In the initial phase of the mugeniso ceremony, the husband and wife's families dramatize these underlying tensions by playing at combat over a head cattle. On the morning of the rite, the husband, wife and child, accompanied by members of the husband's patrilineage (a classification often extended to his entire village) should journey to the bride's natal home bringing a bovine, usually an ox, as a gift to the bride's father. In precolonial days, I was told, the members of the military age regiment, to which the husband had belonged before marriage, would escort the procession. Once they come to the edge of the host village, the approaching party brandishes spears, knobkerries and shields and repeatedly hurls themselves towards the wife's natal relatives, who have danced out to greet them, shouting taunts and insults. The wife's people, in turn, stage mock charges upon the "foreigners, attempting to seize the ox and the boy from them.
This physically enacted opposition is to some extent undercut by the choice of ngoma war songs performed by the two parties as they dance, including the song allegedly sung in the 19th century by the Ngoni's traditional enemy, the Bemba, as the Ngoni legions approached, "Tipasile Mkhondo." There is a good deal of exaggerated leaping, laughter, and playful mock dueling as performers sing the words of the song, "Prepare the spears/ the spears/we are all going to die/the Ngoni are coming." In time, the host group "captures" the ox, and moments later the two groups merge into one another, singing songs of war victory as they dance together towards the compound of the wife's father. The young boy will usually be invited to dance with his matrilaterals at the head of the procession and his mother's female relatives will loudly ululate their praises as the child enters the compound.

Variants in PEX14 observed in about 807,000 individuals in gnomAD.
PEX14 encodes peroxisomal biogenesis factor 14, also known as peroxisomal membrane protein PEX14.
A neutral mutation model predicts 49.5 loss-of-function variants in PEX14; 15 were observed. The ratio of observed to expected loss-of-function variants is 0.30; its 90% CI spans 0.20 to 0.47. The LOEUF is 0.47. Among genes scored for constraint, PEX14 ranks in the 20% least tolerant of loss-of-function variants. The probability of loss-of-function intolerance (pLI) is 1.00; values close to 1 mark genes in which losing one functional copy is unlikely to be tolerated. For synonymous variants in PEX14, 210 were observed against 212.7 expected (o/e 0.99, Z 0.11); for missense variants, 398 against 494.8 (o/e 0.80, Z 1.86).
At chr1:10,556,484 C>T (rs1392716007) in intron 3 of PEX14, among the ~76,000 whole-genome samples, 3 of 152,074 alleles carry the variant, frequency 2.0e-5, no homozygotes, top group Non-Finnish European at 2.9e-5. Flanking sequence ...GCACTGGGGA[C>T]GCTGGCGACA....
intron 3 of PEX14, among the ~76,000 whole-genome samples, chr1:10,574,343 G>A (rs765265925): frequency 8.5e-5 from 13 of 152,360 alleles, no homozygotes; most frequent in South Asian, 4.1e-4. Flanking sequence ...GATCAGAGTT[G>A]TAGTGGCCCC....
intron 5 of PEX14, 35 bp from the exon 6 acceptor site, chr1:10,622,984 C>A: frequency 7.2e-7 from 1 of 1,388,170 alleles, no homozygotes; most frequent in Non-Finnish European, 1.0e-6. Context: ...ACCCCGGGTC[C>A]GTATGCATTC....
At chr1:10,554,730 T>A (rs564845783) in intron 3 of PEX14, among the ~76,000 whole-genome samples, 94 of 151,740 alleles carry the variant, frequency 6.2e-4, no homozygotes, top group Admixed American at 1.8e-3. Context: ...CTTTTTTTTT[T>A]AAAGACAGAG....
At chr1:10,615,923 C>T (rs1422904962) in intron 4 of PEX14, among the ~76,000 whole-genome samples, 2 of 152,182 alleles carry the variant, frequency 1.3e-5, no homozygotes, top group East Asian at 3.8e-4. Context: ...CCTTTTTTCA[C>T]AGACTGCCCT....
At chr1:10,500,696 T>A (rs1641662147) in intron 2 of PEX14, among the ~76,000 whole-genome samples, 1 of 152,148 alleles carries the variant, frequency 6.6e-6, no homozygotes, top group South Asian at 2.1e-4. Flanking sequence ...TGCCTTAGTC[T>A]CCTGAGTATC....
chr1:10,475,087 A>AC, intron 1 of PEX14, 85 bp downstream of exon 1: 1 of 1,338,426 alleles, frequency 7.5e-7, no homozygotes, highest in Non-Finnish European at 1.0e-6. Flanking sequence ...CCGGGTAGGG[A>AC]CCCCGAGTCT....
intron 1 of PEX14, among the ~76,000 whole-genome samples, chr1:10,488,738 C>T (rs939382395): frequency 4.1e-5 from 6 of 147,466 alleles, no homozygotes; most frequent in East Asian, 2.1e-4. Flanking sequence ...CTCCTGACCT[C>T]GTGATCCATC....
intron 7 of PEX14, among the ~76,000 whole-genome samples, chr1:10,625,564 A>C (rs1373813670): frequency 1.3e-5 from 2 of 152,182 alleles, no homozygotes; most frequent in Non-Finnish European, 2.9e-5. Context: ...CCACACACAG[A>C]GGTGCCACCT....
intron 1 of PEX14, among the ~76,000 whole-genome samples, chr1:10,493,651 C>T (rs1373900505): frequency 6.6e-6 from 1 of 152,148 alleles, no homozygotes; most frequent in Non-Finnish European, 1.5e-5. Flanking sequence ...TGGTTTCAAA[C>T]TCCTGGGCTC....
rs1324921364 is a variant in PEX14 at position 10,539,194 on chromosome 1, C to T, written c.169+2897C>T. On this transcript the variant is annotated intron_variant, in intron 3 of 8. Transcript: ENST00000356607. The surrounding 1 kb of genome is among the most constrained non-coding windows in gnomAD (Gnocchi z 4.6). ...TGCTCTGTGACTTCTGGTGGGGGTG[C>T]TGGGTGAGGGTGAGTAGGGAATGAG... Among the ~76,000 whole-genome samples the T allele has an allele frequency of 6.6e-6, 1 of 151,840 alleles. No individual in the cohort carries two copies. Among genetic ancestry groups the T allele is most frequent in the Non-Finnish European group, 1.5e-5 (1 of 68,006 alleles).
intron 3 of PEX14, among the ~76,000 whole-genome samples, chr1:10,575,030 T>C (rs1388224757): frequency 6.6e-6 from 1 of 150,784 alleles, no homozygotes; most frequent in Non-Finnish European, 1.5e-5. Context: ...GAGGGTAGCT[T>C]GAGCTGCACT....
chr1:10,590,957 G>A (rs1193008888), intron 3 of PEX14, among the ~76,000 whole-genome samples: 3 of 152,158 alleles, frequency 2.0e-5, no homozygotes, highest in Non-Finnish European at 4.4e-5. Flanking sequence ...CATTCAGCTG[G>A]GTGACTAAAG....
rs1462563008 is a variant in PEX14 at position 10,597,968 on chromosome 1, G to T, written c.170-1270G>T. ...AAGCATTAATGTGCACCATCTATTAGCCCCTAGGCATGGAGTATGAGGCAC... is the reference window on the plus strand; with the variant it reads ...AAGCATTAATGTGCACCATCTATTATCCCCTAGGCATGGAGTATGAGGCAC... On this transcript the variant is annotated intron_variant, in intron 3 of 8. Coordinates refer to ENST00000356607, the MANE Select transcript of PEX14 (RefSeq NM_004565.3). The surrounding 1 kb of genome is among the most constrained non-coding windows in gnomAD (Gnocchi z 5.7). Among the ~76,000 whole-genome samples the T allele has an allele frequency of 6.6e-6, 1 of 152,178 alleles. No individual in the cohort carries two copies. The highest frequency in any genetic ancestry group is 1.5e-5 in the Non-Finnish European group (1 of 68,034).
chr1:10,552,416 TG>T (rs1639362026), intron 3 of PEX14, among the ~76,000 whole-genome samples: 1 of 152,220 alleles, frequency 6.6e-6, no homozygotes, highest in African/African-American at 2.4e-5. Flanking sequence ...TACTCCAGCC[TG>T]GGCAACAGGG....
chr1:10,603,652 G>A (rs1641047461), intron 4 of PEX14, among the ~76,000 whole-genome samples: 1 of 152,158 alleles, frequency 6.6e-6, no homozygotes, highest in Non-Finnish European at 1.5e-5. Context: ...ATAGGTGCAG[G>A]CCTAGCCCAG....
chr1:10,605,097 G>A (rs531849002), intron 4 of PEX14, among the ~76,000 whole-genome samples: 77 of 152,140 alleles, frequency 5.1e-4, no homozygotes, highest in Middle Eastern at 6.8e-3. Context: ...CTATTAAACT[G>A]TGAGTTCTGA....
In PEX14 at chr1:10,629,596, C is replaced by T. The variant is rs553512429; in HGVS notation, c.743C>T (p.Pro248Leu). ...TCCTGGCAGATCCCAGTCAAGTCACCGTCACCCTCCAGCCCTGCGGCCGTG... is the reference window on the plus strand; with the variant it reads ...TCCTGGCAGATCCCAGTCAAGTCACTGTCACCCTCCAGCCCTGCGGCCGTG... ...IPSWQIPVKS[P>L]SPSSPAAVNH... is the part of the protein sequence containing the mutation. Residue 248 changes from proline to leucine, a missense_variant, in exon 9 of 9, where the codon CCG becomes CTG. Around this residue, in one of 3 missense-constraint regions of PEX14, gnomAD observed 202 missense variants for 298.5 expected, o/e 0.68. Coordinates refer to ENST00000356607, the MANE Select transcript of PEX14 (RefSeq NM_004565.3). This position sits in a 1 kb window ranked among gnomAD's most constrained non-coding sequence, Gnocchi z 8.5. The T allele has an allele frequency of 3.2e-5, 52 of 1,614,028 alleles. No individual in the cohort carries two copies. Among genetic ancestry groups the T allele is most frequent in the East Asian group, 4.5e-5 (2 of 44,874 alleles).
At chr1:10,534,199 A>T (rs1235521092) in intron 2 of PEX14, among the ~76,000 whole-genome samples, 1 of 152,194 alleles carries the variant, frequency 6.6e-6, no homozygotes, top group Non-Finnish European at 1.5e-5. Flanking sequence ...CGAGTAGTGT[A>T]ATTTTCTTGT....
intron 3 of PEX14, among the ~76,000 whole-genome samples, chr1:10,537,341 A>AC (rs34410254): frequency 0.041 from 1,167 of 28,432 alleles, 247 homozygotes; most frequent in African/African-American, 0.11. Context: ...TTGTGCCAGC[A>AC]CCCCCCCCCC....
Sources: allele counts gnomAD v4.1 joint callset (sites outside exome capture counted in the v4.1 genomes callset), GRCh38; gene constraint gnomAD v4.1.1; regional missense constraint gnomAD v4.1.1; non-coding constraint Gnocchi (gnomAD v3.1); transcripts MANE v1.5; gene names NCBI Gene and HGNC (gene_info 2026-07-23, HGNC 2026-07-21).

After the maternal grandparents and their kin have formally welcomed the young family and their relations, the young boy is entitled to enter his maternal grandfather's cattle byre and select a single beast for slaughter. In most cases that I have observed or heard about, the boy seems to understand that regardless of his grandfather's protestations and his subtle (or not so subtle) hints to select a modest beast, the child is really expected to pick the plumpest and most desirable animal. Many times, I've heard Ngoni men rapturously and uproariously recount, "Oh, the old man cried, he just cried, when he saw the beast the boy had chosen. It was his favorite animal, but he had no choice. So he just cried!"